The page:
It’s late on a Tuesday evening as the Scotiabank Saddledome empties, the local fans scurrying into the unseasonably warm night air. The fact that the Calgary Flames have skated to an exhibition victory over Colorado is offset somewhat by the herky-jerky nature of preseason hockey. Regardless, spirits are high.
Down below the stands, in the Flames locker room, Garnet Hathaway collects his thoughts after his fourth game of this preseason. A year prior, he was sent down to the American Hockey League when minor league camps began, owing to his status as a player on an AHL contract. A year and a day after he was cut from last year’s training camp, he’s the lone player without NHL experience dressed by the Flames against Colorado.
Hathaway recalls the cut-down day, as he realized that he was going to be sticking around a bit longer than he did a year ago.
“Obviously, there was a lot of guys around me that started to get emails to come have meetings,” Hathaway said. “It goes through your head. I had that little loss of breath, when I kinda got nervous, then I realized that I wasn’t getting an email and I was staying here. But it passed quickly, and you’ve got to be ready to go [prepare for the next game].”
Hathaway was originally brought to the Abbotsford Heat on a minor-league deal following the completion of his senior year at Brown University, on the recommendation of long-time NCAA scout Frank Anzalone. Now into his second season with the organization, his 19 goals and 36 points with the Adirondack Flames earned him a promotion to an NHL deal. Considering that two seasons ago he was toiling in Hockey East and dreaming of an NHL opportunity, his current situation is a bit of an adjustment.
“I don’t know if it’s surreal, but it’s getting more competitive,” said Hathaway of the atmosphere as training camp rosters shrink. “Every team is cutting down and getting their Oct. 7 roster ready, and they’re getting ready for the regular season and it’s definitely exciting to go against a full NHL team. But I’m just playing my game and just thinking about my own game rather than everybody else.”
For players trying to force their way onto an NHL roster, preseason hockey can be a bit of an uphill battle. Veteran players typically use the games to get their timing and in-game rhythms down while trying to avoid injury, and while it’s probably unfair to say they’re not trying – they are professionals, after all – they’re definitely not going 110 percent every shift. In Calgary’s game against Colorado, Hathaway’s hustle and physical play stands out – a good sign, but also expected given his status as a rookie trying to get noticed by management. Regardless of the situation around him, Hathaway seems to have a handle on what he needs to deliver to be successful and to stick around.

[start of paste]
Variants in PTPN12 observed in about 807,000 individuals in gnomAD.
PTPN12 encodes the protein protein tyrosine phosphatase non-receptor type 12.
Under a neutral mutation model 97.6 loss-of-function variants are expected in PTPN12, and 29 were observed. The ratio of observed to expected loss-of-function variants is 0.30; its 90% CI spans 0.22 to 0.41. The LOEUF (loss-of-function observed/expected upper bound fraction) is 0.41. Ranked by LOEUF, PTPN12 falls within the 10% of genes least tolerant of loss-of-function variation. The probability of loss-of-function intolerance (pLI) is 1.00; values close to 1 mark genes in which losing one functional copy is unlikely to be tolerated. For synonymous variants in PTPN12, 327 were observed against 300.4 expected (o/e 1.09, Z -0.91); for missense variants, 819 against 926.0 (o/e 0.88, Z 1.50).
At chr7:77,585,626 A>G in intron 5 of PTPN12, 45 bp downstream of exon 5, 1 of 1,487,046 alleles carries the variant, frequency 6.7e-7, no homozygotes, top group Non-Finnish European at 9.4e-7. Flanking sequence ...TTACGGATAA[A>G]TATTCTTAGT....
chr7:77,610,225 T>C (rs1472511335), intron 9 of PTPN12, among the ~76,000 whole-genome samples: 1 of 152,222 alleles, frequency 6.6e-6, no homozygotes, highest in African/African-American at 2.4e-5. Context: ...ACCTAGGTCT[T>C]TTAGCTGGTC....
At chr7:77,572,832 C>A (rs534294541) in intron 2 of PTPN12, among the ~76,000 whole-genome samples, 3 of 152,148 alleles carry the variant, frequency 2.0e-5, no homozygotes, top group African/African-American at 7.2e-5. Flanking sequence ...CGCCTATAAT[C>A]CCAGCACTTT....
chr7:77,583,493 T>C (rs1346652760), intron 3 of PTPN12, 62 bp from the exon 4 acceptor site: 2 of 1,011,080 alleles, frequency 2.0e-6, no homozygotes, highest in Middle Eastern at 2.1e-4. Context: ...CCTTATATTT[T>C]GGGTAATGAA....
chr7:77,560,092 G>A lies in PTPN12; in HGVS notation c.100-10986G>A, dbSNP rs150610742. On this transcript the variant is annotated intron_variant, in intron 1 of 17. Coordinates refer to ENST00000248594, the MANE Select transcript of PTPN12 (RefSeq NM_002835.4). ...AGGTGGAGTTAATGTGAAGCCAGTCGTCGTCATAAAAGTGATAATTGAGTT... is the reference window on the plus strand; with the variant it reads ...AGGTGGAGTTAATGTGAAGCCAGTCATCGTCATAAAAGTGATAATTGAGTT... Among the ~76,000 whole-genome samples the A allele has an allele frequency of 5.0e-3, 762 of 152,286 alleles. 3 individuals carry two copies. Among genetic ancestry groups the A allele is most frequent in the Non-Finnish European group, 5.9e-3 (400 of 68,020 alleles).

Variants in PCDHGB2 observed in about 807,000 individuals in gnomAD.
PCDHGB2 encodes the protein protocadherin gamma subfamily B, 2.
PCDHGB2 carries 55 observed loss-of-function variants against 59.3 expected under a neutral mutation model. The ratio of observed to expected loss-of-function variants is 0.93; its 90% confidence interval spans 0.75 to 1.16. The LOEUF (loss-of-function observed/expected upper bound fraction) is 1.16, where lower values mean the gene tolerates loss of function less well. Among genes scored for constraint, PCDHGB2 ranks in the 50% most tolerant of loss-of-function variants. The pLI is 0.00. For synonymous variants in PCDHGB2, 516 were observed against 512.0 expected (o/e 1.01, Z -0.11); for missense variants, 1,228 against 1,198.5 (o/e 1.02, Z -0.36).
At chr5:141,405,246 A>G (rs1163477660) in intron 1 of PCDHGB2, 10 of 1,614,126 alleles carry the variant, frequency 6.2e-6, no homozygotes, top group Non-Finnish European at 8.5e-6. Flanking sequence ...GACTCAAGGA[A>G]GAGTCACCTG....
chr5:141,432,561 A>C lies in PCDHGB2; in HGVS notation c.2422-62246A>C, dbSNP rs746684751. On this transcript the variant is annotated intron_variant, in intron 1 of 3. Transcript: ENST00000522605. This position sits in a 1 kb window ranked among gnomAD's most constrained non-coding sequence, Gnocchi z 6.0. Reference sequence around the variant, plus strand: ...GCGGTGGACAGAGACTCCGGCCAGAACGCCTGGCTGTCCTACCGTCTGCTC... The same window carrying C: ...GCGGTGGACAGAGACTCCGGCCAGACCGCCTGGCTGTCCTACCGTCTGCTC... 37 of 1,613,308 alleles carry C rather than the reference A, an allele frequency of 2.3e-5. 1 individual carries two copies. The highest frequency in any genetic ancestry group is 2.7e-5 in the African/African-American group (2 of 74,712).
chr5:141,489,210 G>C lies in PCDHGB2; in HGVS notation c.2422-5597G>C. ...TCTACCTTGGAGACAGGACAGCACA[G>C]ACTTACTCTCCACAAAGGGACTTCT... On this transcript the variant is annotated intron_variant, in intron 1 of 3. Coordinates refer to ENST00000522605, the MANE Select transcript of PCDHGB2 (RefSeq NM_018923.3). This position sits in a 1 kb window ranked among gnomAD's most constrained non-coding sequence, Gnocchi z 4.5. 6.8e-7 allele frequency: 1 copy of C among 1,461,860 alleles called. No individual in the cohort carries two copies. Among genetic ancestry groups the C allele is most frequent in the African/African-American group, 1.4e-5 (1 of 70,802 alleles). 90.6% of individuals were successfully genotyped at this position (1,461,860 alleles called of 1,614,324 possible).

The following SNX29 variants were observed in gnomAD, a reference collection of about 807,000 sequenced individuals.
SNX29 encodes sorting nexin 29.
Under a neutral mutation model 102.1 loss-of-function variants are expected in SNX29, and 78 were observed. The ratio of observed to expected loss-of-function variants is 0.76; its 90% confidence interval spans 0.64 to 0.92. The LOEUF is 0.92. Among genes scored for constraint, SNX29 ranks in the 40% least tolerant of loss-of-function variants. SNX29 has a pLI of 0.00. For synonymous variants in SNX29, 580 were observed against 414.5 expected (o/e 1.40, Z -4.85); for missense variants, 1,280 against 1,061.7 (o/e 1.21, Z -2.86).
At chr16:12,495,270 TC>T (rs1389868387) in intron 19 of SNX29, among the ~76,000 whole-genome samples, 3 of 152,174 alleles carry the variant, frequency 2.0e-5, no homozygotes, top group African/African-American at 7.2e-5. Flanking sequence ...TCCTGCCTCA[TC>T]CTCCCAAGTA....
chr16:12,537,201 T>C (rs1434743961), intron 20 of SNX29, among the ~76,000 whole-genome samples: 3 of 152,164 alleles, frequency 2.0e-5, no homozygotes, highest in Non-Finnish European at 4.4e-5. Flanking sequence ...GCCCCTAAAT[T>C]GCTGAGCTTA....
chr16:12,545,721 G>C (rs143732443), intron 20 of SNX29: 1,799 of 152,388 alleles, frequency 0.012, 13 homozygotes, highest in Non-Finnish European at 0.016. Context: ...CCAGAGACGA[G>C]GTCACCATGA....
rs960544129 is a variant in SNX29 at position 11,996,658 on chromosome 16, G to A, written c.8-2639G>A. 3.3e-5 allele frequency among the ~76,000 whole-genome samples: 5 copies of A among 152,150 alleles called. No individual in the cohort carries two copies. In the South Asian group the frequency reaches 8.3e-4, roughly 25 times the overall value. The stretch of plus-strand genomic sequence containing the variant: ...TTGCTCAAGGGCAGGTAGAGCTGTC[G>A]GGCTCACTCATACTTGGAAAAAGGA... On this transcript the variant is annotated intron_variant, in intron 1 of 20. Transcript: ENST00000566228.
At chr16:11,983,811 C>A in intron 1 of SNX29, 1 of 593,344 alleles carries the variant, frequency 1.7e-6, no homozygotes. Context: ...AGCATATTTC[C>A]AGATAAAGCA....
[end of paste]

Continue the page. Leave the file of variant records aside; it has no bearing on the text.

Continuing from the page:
“I’m not a skill player, I’m not a fancy-type player, but you know, limit turnovers, make smart decisions in the neutral zone, get on the forecheck, stuff like that,” said Hathaway. “Be smart defensively. I have to focus on those things to be a full-time NHLer and make this roster.”
Later in the evening, Flames head coach Bob Hartley praises Hathaway’s performance in his postgame media address, noting “He played well. He’s an up-and-down winger, we know what he’s going to bring to the table every game.”
Because of their similar backgrounds – they’re both college players from schools in the northeastern United States – and their playing styles and right-handedness, Hathaway has drawn comparisons to Josh Jooris. Jooris came into last season’s Flames camp after a year in the AHL and forced his way onto the team with his play. Hathaway acknowledges the comparison but downplays it somewhat.
“The day I got cut last year, Josh didn’t even know cuts were going on,” jokes Hathaway, noting Jooris’ focus. “He deserved to be here and he deserved to be the first call-up and you just watch how he works and how prepared he is for every game. I kinda wanna focus my game after that, and just play my game.”
Looming over Hathaway’s performance is the business side of the game. The Flames have 16 established forwards in camp, most of whom are on one-way deals or require waivers to head down to the AHL, which makes the numbers game perhaps the biggest obstacle to Hathaway being a Flame on Oct. 7.
“If it’s a numbers game, then it is, but if I play my best hockey, then I can’t complain.”
Hathaway seems to be focused on what he can control, rather than lingering on what he can’t. The game’s already in his rear-view mirror, and he’s already looking ahead to the next set of preseason games against Winnipeg – the only thing separating the Flames from the regular season.
Regardless of how this chapter ends – in an opening-day spot or a trip to Stockton, Calif. to begin the year in the AHL – Hathaway has already come a long way from Brown University.
“When I signed that contract, it was surreal. It was the best day of my life so far,” Hathaway said. “And then you got to move on, though, and then you got to work hard to get that first NHL game, and keep moving from there.”